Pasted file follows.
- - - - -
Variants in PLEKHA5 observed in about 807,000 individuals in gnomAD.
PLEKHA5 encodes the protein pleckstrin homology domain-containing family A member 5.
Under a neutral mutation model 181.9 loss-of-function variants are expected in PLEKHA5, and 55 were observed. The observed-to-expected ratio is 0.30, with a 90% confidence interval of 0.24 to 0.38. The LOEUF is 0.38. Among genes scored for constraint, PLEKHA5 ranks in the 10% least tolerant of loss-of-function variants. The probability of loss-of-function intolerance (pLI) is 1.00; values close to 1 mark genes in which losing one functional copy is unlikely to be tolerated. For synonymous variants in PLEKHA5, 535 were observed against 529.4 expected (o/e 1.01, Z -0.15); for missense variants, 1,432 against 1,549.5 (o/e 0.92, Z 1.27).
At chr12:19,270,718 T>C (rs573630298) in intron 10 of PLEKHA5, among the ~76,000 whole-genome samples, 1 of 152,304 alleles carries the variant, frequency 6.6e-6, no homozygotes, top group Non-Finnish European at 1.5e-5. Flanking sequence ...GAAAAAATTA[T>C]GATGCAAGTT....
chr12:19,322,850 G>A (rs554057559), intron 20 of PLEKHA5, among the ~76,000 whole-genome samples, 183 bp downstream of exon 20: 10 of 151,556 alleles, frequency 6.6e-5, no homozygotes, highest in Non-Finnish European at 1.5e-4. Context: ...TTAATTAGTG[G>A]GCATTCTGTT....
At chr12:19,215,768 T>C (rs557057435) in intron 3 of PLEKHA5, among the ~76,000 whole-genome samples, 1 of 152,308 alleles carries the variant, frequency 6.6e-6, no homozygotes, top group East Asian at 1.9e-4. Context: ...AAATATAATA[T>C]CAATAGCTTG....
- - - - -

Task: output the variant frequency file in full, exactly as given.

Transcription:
Variants in PLEKHA5 observed in about 807,000 individuals in gnomAD.
PLEKHA5 encodes the protein pleckstrin homology domain-containing family A member 5.
Under a neutral mutation model 181.9 loss-of-function variants are expected in PLEKHA5, and 55 were observed. The observed-to-expected ratio is 0.30, with a 90% confidence interval of 0.24 to 0.38. The LOEUF is 0.38. Among genes scored for constraint, PLEKHA5 ranks in the 10% least tolerant of loss-of-function variants. The probability of loss-of-function intolerance (pLI) is 1.00; values close to 1 mark genes in which losing one functional copy is unlikely to be tolerated. For synonymous variants in PLEKHA5, 535 were observed against 529.4 expected (o/e 1.01, Z -0.15); for missense variants, 1,432 against 1,549.5 (o/e 0.92, Z 1.27).
At chr12:19,270,718 T>C (rs573630298) in intron 10 of PLEKHA5, among the ~76,000 whole-genome samples, 1 of 152,304 alleles carries the variant, frequency 6.6e-6, no homozygotes, top group Non-Finnish European at 1.5e-5. Flanking sequence ...GAAAAAATTA[T>C]GATGCAAGTT....
chr12:19,322,850 G>A (rs554057559), intron 20 of PLEKHA5, among the ~76,000 whole-genome samples, 183 bp downstream of exon 20: 10 of 151,556 alleles, frequency 6.6e-5, no homozygotes, highest in Non-Finnish European at 1.5e-4. Context: ...TTAATTAGTG[G>A]GCATTCTGTT....
At chr12:19,215,768 T>C (rs557057435) in intron 3 of PLEKHA5, among the ~76,000 whole-genome samples, 1 of 152,308 alleles carries the variant, frequency 6.6e-6, no homozygotes, top group East Asian at 1.9e-4. Context: ...AAATATAATA[T>C]CAATAGCTTG....